He could do Alchemy, so he had to have a human soul. Alphonse’s
fingers curled around the boy’s hand and squeezed it. He understood
his hurt, he was lost and unwanted. Alphonse must have felt that way
walking around as an empty suit of armor. He must have been in pain
when people looked him. And in many ways, not knowing who he was, and
living in a world that had moved beyond him, was just as painful.
Because on occasion, he, Alphonse Elric had to question if he was
real, and not some monster created by his brother with alchemy. “I
don’t know.” He said honestly. “I don’t remember who you are… What you
are, doesn’t matter to me. Maybe they would have accepted you, if
you'd let them.” He looked at the arm and leg. Winry would not have
given them to the boy if she had seen him as a monster.
The hold on his shirt loosened and the boy let him go. “Maybe. But it
is too late now. The only person that really mattered chose you over
me and died.” Bitterness coated his words as he walked past Alphonse.
“My name is Wrath. If you want to try to like me, you can call me that.”
Al adjusted his collar and joined the boy. He held out a hand. “Nice
to meet you, Wrath. You can call me Al.”
Wrath glanced at Al’s out stretched hand, and hesitated. “But I tried
to take your mom.”
He didn’t remember. Al wrinkled his brow. If it was true, he was sure
he’d been very angry about it at the time. But it was over, he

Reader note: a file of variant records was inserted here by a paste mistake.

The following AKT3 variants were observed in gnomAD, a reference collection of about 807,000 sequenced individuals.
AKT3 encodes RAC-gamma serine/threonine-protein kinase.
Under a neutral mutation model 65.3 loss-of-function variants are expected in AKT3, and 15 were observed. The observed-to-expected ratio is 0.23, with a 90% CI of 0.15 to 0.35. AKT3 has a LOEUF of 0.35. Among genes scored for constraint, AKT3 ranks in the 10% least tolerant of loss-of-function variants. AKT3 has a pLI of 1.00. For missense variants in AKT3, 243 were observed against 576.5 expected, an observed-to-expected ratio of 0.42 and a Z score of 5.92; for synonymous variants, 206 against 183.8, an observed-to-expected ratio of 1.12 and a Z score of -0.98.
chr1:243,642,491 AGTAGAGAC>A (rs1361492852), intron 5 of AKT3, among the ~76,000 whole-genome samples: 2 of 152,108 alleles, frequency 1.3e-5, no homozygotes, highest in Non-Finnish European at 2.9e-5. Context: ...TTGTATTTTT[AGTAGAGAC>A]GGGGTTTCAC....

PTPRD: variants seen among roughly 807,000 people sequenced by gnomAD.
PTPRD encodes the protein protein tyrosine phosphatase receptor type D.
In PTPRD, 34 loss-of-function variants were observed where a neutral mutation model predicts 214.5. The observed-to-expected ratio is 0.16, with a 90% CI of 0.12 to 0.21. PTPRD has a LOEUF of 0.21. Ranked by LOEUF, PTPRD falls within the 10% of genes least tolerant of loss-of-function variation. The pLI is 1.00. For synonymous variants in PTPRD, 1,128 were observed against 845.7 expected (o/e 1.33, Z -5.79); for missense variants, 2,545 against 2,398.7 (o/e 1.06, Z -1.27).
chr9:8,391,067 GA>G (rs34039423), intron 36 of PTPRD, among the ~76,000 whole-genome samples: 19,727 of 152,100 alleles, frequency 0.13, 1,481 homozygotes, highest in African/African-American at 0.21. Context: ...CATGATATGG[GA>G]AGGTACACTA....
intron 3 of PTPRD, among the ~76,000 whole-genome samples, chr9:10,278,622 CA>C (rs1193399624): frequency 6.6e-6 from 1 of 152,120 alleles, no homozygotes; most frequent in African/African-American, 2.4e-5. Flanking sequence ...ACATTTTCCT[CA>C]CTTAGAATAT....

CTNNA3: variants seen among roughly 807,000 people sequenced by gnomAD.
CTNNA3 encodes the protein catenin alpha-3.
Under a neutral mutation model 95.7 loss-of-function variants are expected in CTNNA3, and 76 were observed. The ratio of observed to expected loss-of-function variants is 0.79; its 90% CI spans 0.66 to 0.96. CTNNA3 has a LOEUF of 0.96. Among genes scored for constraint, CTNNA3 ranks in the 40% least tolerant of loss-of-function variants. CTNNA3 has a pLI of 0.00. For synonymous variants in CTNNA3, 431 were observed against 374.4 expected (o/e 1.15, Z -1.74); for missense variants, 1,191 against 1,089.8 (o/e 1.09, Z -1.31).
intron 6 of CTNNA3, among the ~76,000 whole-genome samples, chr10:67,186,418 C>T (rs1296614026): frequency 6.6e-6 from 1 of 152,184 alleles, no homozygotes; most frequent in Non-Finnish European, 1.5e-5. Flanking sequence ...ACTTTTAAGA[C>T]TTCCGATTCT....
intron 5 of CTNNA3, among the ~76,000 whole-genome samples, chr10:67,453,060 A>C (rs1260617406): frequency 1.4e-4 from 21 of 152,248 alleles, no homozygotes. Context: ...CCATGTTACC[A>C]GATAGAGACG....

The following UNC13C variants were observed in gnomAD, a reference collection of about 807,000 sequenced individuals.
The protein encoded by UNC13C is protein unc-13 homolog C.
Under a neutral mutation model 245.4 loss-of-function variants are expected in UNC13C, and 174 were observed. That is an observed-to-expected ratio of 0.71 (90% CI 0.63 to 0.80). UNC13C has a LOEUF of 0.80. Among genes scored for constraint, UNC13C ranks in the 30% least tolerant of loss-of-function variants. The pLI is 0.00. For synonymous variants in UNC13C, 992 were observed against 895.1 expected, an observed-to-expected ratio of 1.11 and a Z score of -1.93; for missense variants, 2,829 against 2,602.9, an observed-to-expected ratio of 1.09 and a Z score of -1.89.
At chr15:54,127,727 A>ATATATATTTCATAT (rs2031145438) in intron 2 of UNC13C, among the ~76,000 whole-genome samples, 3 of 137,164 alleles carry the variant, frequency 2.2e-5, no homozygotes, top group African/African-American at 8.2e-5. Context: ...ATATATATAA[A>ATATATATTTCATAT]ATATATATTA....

couldn’t change the past, and this boy KNEW the past. Taking the pale
hand into his own, Al squeezed Wrath’s fingers. “You will tell me all
about this, won’t you?”
“You’re not angry?” Wrath looked puzzled.
“Of course I am angry, and I’m sure I was angry then. But Winry helped
you, so I am sure I would have forgiven you.” Al tilted his head, and
offered the strange boy a large smile. “Ok?”
“You’re very strange.” Wrath pulled his cold fingers from Al’s.
Together, the boys started to walk. Al was grateful for the company,
even though a part of him wondered why Wrath was there. Homonculi
didn’t do things without reason. But something inside of him told
him Wrath’s reasons were that of a child, not of a monster. “What
happened to her, your mother?”
“She worked for that Dante lady.” Wrath said. “She was going to give
us souls and me a human body, but that was a lie.” He paused, looking
down at his automail. “She just wanted us to do things for her, so
she could get immortality. She never wanted to give us anything.”
“I’m sorry.’ It was all he could think of saying. “So my brother….”
“Was looking for the thing Dante wanted." Wrath explained. “My mommy
was sent to get it and you and your brother killed her.” Broken pain
hissed from his voice and he wrapped his arms about himself. “Dante
wouldn’t bring her back. She punished me…”
“Sounds like Dante used you.” Al tried to sound comforting. “I’ve only
heard her name once, from Rose. She was evil. You don’t have to be
like her, Wrath. You have a choice.”
He shrugged. “I guess I do. I didn’t think I did. Not until that blond